This multi layer fabric combo is comprised of a inner most “pump liner” which is a very fine micro fleece, and a water resistant outer which is a tightly woven polyester fabric. With this combination of micro fleece and tightly woven polyester, you can see why Páramo garments are well known for being too warm for summer use. Especially if you’re only after the wind proof feature.

What the Zonda windproof and fleece does, is take these two layers and split them into two garments. A thin lightweight wind proof, and a thin light weight windproof fleece. Wear them together and they perform the same as any other waterproof made from Páramo’s “Analogy Light” fabric. Great, sounds perfect.

I wandered along to the Páramo store in Covent garden with cash in my pocket ready to buy a Zonda windproof and fleece combo.

Which is when things kinda didn’t goto plan…

First thing that struck me was the colour choice, neither the neon blue or the pink clover are particularly muted, they both screamed “GIRLIE!” In a loud way. Maybe the I could live with the blue… it’ll mostly be under a backpack anyway. Let’s try it on…

I picked the largest size off the rack put it on, went to do the zip up, and failed. I could do the first inch or so over my stomach, but as it approached my upper chest there was no chance of being able to zip it closed over my breasts… ladies fit… made for women… women have boobs… well not those Páramo is targeting their women’s range at obviously. I had a lengthy discussion with the very helpful staff and tried on various items from the women’s range. Nothing fitted. I’m not exactly massive, most of my clothes are 16-18 depending on where I buy things1.

There is a men’s version of the Zonda combo, called the Bora, but this is a smock format, not a jacket format, so while I could find something to fit, I really wanted a jacket rather than a smock.

Having been shut out of any of the women’s range due to having breasts, I turned my eye too the men’s range.

Where the ladies range covers various sizes of pixie, the men’s range is much wider, covering sizes large enough I could fit my back pack inside the jacket2. Maybe something here will fit…

Following the same principal of splitting the classic Páramo layers into two garments, there are a few options in the men’s range. As well as the previously mentioned Bora smock, there is the Enduro jacket (ladies version: Ventura) and the Bentu jacket (ladies version: Zefira).  There is also the Fuera ascent jacket, and Fuera smock, tho there two don’t have matching fleeces3 to go with them unlike the Bora, Enduro and Bentu. The fleece that pairs with the Enduro is a smock, not a jacket, so I discounted that. This just left the Bentu windproof jacket and fleece.

The Bentu is available in two colours, a blue, and a green. Tempted tho I was by the green for not standing out when on the hill, the shade of blue used is sufficiently dark as to be acceptable.

The Bentu has two chest pockets, both big enough to take an ordnance survey active map, and two hand warmer pockets. The fleece has two hand warmer pockets and a Napoleon pocket, just the right size for a compass or small wallet. The main zip is two way to aid in ventilation. But unlike the Quito, Enduro or Fuera ascent, it doesn’t have pit zips4.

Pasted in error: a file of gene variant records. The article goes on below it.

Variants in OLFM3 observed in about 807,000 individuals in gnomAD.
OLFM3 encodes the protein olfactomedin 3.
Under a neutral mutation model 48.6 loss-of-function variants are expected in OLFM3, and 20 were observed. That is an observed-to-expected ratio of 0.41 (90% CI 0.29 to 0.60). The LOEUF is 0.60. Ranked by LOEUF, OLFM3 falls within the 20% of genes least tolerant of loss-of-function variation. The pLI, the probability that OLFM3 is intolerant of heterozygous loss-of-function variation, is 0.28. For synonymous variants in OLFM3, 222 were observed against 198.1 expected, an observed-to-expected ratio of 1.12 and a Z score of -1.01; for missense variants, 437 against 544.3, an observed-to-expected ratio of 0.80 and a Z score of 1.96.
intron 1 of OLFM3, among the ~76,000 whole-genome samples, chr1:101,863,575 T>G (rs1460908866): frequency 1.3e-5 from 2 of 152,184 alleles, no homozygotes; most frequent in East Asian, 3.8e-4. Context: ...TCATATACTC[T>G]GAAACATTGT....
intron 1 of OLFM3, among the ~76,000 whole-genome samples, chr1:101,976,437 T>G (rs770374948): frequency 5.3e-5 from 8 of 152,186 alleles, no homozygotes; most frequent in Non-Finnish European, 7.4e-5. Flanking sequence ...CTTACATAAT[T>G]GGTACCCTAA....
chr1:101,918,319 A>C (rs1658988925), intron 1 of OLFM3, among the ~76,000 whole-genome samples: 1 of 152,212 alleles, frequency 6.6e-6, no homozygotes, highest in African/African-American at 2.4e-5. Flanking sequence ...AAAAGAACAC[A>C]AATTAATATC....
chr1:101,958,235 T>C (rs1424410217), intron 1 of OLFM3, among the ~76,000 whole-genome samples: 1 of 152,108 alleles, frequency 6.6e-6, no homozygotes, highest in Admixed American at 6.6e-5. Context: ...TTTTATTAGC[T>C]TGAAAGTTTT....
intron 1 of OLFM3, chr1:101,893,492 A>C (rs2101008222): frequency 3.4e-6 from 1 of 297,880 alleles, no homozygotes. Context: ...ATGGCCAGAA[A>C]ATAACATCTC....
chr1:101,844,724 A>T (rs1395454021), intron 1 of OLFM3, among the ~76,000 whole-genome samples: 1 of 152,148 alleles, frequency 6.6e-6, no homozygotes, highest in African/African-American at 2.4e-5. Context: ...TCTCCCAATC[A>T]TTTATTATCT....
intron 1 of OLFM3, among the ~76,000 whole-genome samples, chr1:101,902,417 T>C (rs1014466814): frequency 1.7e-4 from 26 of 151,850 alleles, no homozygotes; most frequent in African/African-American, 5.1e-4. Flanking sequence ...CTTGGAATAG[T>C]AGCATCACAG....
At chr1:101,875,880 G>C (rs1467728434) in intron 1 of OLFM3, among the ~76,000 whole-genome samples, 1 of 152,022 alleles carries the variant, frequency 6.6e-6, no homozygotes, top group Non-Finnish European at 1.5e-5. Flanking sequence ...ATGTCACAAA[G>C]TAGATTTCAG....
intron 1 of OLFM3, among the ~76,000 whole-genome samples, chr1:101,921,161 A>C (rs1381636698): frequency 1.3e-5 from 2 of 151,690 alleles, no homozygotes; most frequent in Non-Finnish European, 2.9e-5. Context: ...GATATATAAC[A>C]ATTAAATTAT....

The windproof has a pump liner layer on the shoulders and hood, which makes it more rain resistant than it would otherwise be. The sleeves are a loose cut with a Velcro adjuster on the cuff, this allows you to roll your sleeves up for venting.

The cut of fleece is quite loose, and it reminds me of a cardigan in it’s fit. There is no hood, and no adjustment on the loose fitting sleeves. Again you can push them up for ventilation, but without the Velcro, there’s nothing to stop them falling down.

But what about the important part, how well does it perform?

Both the windproof and the fleece have proved to be windproof, if it’s not raining, which of the two layers you wear for wind protection comes down to temperature. Warmer, wear the windproof. Cooler, wear the fleece. In a light shower both keep most of the wet out, tho the fleece seems slightly better in drizzle or a short light shower. I had wet forearms wearing just the windproof in the rain, but the rest of me was dry.

The cycle ride to college today was your typical early autumn rain, not hard enough to make you think you need a jacket, but enough to soak you if you didn’t wear one. I wore the Bentu fleece for the ride and arrived at class nice and dry, with lots of droplets of water beading on the outside. A success.

By the time I left college for the ride back to the station, the rain had picked up, so I chose to wear both layers. Alas the fleece hadn’t completely dried during class and the forearms were still a little damp. A good chance to test the moisture management me thinks…

I set off into the Kentish night, hood up against the rain, and peddled my way the half hour to the station. As I rode the warmth of my body drove moisture from the fleece. Even with the additional liquid water falling out the sky. By the time I had spent 20 minutes on the platform waiting for my train, the inside of the sleeves of the fleece were no longer wet, but somewhere between damp and moist. By the time I got home, they were almost dry. The rest of me stayed dry throughout.

I can’t fault the performance, together the fleece and the windproof work just as well as my Quito, yet at the same time providing me greater flexibility for when it’s dry, warm, yet windy. So what are the downsides of this performance? The main down side is the weight. Neither item is particularly light. My size large fleece measures 420g, and the Windproof 458g. By contrast my size Large Quito is 545g, a weight similar to what I would expect a Zonda combo to weigh, if it had fitted me. Other than that the only other niggle is the absence of a hanging loop on the fleece, making it so I can’t hang it up on the hook as easily.

In summary:

Páramo Zonda Windproof and Fleece combo:

  • Pros: Unknown
  • Cons: Women’s XL is too small for me.

Páramo Bentu Windproof and Fleece combo:

  • Pros: Great performance, great breathability
  • Cons: Weight.
  1. I wear a size 16 RAB MeCo Baselayer
  2. S, M, L, XL, XXL in mens, vs XS, S, M, L, XL, in womens. Mens L is larger than Womens’s XL…
  3. The Fuera ascent was designed to go with the Summit hoodie, but this is no longer listed on the Páramo website
  4. Interestingly while the men’s Enduro has pit zips for venting, the ladies Ventura doesn’t… do women not get warm?